firefighters
The Working on Fire team in better spirits, arriving in Alberta at the end of May. Source: Twitter @hansage.

The premier of the Canadian province of Alberta has stepped into the fray over how much 281 South African firefighters there are being paid to fight forest blazes, while the team’s South African managers are apparently on their way to demobilise the men and women who have refused to work for two days.

firefighters
The Working on Fire team in better spirits, arriving in Alberta at the end of May. Source: Twitter @hansage.

The premier, Rachel Notley, said that the firefighters would be paid in accordance with the province’s labour laws. She was reportedly “disturbed” to hear that the South African team was not earning an acceptable salary.

The team – which arrived to much fanfare in late May – apparently refused to work on Wednesday and Thursday after media reports said they were earning much more than they were.

The firefighters’ managers at Working on Fire in South Africa released a statement on Thursday saying that each of the team had signed an agreement before leaving for Canada and knew what they would be earning. After the dispute broke out, Working on Fire said they were sending a team to Canada to organise the firefighters’ “demobilisation” – suggesting that they were bringing them home.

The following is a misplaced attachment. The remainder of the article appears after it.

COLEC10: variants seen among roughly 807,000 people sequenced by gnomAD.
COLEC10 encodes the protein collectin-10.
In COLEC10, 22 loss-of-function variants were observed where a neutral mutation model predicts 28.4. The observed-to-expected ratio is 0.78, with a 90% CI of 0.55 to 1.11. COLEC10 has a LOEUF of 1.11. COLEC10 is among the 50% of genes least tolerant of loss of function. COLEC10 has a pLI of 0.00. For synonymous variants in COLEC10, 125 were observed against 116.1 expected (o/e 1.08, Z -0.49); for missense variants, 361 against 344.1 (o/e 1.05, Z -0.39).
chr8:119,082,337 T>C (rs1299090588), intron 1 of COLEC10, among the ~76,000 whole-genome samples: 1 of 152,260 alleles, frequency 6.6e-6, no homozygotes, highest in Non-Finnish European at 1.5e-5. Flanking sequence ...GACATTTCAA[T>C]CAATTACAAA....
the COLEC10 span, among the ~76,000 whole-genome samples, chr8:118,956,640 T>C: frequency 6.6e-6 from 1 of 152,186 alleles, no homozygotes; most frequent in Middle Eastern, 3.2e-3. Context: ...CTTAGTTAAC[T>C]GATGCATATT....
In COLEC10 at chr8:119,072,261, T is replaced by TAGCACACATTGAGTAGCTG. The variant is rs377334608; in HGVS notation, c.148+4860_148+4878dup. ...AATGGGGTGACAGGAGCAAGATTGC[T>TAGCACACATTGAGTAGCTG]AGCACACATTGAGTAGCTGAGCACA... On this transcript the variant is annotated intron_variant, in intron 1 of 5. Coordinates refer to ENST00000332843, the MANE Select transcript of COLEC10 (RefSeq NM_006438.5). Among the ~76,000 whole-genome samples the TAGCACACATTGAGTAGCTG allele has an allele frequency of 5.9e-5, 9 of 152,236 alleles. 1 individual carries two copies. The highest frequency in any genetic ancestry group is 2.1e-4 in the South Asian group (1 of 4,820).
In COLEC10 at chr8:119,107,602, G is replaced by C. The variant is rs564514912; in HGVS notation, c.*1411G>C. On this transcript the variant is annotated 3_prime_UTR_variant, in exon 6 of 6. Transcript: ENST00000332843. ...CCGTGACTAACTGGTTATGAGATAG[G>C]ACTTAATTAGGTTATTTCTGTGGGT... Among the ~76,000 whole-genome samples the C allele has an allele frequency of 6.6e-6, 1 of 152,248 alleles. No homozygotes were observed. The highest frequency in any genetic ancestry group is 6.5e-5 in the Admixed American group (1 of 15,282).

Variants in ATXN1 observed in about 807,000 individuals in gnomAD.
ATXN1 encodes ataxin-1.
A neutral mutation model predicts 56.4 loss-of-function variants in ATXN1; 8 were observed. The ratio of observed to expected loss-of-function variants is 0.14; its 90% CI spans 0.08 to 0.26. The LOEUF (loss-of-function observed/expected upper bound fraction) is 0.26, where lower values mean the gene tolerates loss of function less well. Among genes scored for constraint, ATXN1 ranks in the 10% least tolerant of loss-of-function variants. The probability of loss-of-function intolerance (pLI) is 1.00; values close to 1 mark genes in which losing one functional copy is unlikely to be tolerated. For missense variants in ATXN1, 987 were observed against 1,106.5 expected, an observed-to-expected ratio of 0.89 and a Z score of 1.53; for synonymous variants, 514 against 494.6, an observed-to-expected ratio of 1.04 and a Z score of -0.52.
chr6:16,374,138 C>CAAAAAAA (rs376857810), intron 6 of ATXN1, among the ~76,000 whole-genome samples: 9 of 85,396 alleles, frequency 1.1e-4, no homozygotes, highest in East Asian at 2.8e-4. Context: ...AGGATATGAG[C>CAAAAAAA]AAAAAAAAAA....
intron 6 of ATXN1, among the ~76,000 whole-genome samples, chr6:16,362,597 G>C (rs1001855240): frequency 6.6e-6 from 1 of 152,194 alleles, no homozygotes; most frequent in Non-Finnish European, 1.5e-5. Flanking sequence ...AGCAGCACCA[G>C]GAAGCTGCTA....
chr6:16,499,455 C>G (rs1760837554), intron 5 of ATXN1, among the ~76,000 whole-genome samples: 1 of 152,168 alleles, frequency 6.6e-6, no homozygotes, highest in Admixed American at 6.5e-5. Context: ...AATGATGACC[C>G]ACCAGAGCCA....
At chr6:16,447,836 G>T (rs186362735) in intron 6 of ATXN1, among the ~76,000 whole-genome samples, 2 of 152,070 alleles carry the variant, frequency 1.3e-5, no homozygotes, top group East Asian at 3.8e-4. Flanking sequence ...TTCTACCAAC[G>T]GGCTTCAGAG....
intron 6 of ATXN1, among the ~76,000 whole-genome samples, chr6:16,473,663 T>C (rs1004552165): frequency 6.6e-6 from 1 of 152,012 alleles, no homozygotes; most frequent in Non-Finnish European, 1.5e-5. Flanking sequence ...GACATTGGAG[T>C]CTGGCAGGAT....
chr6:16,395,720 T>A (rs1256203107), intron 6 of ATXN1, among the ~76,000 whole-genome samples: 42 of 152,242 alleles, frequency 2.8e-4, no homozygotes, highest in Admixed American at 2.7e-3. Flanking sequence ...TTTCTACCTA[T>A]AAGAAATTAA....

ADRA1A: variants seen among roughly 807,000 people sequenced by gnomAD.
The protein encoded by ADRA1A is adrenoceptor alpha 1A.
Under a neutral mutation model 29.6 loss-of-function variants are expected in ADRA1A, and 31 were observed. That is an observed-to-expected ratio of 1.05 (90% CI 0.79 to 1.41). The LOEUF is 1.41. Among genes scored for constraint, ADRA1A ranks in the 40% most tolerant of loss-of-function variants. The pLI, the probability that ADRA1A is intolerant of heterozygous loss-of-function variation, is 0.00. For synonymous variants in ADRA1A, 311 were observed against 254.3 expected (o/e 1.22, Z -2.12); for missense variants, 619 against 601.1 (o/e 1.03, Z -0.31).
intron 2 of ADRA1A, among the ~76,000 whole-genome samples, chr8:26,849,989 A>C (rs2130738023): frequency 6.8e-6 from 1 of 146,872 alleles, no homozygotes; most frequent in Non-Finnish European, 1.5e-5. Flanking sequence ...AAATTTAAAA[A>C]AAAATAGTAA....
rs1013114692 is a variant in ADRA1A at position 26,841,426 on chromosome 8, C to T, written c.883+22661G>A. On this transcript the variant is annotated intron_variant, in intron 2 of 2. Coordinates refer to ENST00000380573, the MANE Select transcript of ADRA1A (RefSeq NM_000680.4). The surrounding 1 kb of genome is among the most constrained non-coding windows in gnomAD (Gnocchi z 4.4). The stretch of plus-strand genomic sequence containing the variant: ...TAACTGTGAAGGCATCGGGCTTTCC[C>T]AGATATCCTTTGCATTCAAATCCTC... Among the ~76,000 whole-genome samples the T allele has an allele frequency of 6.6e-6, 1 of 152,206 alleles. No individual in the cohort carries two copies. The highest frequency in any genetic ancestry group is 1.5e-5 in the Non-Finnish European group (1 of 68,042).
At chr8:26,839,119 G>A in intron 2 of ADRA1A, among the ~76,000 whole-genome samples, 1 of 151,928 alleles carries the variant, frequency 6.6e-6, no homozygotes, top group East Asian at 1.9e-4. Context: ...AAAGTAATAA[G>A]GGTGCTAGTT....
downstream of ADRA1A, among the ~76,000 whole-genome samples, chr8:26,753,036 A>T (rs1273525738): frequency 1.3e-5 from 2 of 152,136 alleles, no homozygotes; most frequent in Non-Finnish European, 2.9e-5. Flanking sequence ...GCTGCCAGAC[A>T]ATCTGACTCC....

One of the firefighters was quoted in Canadian media saying the South Africans felt robbed. Last August, the Working on Fire team also helped fight fires in Canada, and returned to South Africa to a heroes welcome.

According to Working on Fire each of the 281 is receiving CAN$15 a day – plus their normal salary – and will be paid another $35 after they return to South Africa. According to Canadian media, this worked out at just over $4 an hour, while the province’s minimum wage is $11.20 an hour.

It is unclear who is benefiting off the arrangement to pay the firefighters less than the average pay. According to one news report, the Canadian Interagency Forest Fire Centre (CIFFC) put out a tender to which Working on Fire made a successful bid, which was then paid by Alberta.

Notley said that in future she would instruct government officials to make sure contracts with agencies from outside Alberta met the minimum standards of Alberta law.